Credit Rating

When you apply for a credit card, the card provider will decide whether or not they wish to offer you credit and if so then at what cost, that is, what rate of interest. This decision will be primarily based on your credit history. Your credit history is detailed in a credit report, which is maintained and updated by a credit reference agency. There are three credit reference agencies in the UK:

Equifax Plc
Tel: (+44) 0870 514 3700
Website: equifax.co.uk

Experian Ltd
Tel: (+44) 0844 481 8000
Website: experian.co.uk

Call Credit Plc
Tel: (+44) 0870 060 1414
Website: callcredit.co.uk

Credit reference agencies hold information on most UK adults such as their registered addresses, registration on the Electoral Roll, any County Court Judgements (CCJs), bankruptcies and insolvencies, as well as any credit card or loan applications. When you apply for a credit card, the credit card provider will check your credit report and put a mark on your file. This mark stays on your report for up to two years, depending on the credit reference agency consulted.

Each time you take out a credit card or loan, information about your payments, such as if they were made on time and in full, is recorded on your credit report. Paying your outstanding credit card balance in full and on time will improve your credit report, because it shows future credit providers that you are a low risk customer. There is little chance of them losing money, because you always repay any money that you owe. A good credit report means that you are more likely to be accepted for credit cards, loans or mortgages in the future. If you have never had any form of credit, you may find that credit card applications are rejected because the card provider cannot assess the risk you pose. Similarly, if you missed credit card payments, made late payments, or only made minimum repayments over a long period of time, you may find your applications are rejected because you present a risk to the card provider.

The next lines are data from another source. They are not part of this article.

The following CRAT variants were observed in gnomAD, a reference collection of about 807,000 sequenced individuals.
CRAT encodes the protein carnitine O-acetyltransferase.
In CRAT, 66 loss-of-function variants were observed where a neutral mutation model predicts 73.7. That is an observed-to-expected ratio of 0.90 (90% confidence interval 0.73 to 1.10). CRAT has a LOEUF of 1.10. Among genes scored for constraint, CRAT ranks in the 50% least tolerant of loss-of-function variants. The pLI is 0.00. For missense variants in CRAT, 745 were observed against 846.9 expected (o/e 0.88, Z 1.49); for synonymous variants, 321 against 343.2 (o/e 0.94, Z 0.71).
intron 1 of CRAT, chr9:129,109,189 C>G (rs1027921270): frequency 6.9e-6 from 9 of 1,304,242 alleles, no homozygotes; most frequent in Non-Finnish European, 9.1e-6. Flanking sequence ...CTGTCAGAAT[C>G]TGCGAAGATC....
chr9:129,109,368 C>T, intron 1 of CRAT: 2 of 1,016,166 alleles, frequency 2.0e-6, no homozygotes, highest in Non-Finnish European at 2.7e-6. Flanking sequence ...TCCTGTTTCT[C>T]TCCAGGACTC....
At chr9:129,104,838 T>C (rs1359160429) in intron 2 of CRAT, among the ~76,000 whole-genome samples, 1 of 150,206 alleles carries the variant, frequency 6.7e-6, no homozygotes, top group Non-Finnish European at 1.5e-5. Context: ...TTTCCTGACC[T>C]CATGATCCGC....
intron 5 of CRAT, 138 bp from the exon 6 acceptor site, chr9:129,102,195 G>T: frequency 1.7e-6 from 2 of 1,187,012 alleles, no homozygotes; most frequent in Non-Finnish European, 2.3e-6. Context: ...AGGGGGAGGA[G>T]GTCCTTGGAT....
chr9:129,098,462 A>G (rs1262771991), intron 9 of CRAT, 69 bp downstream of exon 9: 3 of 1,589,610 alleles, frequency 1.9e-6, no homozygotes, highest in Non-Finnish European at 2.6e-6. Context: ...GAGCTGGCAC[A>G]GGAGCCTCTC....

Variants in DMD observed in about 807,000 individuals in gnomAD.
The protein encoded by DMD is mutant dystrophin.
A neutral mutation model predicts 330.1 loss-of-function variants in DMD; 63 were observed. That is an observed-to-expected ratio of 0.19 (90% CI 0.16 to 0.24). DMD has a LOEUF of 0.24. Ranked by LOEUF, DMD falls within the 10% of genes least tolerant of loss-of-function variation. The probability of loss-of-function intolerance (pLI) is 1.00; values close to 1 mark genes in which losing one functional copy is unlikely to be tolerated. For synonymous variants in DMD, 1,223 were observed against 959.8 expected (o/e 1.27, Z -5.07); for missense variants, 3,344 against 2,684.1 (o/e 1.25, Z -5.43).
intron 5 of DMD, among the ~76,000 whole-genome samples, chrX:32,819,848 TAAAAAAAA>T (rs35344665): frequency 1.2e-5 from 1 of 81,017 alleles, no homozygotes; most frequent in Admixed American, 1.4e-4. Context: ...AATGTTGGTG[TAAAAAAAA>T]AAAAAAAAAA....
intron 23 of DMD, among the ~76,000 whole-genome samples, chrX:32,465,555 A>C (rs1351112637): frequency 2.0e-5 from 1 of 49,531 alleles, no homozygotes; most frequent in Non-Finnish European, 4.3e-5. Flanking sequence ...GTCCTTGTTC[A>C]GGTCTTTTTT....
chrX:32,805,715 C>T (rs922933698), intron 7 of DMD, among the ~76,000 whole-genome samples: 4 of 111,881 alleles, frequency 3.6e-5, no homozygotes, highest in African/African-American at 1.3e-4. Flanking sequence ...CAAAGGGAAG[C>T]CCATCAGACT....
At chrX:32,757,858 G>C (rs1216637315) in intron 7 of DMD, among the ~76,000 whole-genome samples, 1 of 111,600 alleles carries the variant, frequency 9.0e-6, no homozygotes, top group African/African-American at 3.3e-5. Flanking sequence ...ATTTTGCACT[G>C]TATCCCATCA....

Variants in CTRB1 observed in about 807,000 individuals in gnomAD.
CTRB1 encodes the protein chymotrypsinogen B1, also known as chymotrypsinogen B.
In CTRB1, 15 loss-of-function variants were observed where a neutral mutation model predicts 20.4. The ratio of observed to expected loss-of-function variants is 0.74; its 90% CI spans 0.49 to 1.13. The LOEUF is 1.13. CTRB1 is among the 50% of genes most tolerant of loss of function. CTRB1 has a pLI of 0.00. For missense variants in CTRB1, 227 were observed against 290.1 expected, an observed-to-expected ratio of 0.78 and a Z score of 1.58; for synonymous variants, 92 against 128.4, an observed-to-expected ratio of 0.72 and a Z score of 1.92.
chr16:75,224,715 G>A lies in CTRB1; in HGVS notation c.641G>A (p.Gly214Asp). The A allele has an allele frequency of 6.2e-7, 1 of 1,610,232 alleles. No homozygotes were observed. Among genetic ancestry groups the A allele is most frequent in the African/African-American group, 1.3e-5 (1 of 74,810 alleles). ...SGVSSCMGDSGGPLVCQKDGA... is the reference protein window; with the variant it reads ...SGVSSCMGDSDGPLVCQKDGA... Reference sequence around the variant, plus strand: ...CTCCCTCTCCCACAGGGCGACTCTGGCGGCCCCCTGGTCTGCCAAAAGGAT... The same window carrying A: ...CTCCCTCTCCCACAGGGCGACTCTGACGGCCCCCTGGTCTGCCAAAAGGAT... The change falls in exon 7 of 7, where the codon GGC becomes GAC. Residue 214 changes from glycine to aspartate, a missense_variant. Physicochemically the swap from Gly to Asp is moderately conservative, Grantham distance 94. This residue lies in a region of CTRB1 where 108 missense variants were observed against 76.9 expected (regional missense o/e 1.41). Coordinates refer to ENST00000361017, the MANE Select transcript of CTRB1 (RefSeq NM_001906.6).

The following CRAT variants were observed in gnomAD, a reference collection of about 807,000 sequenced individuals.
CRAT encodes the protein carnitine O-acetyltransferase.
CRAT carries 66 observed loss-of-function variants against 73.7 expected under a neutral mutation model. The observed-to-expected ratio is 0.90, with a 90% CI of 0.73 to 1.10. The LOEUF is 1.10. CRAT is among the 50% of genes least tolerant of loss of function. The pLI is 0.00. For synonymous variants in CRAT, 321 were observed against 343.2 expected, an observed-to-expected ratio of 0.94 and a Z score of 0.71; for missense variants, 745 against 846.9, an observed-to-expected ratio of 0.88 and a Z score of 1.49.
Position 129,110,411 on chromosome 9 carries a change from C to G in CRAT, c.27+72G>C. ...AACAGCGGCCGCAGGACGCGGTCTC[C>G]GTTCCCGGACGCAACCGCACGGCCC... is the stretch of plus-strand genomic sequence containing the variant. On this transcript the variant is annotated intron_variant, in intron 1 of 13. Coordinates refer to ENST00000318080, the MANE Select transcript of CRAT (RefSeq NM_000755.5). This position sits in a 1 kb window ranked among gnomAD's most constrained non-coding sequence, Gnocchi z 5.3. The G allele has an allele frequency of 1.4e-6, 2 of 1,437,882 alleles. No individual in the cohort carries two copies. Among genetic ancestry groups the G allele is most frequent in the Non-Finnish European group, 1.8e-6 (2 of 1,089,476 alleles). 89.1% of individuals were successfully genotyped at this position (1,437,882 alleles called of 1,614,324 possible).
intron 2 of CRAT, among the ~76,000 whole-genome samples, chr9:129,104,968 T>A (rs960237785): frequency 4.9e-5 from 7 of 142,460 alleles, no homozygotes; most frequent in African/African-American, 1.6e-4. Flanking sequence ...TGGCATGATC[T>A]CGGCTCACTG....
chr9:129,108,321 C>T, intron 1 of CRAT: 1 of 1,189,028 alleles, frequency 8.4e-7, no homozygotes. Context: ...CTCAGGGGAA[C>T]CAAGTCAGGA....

Your credit report is not the only factor that a credit card provider will take into account when assessing your credit card application; they will verify your identity, determine how long you have lived at your current address and whether you own your home, consider your age, your employment history and your current salary. A credit report is an important factor in the success of your application however, and you ought to ensure that it is as accurate and positive as possible. You can ensure this by examining and improving your credit rating.

Bankruptcy
If you filed for bankruptcy, this will be shown on your credit report for at least six years. Of course, this has a negative affect on your credit rating, because credit card providers will be concerned that you will miss repayments in the future. Your address will also become associated with the bankruptcy order. If you move to an address with such an association but were not bankrupt yourself, you should ask for the association to be removed because it could affect your credit rating. Once a bankruptcy has been discharged, or if it is annulled, you should contact credit reference agencies to update your report since they may not be automatically informed. Even after you inform them, a previous bankruptcy order may be featured on your record for six years.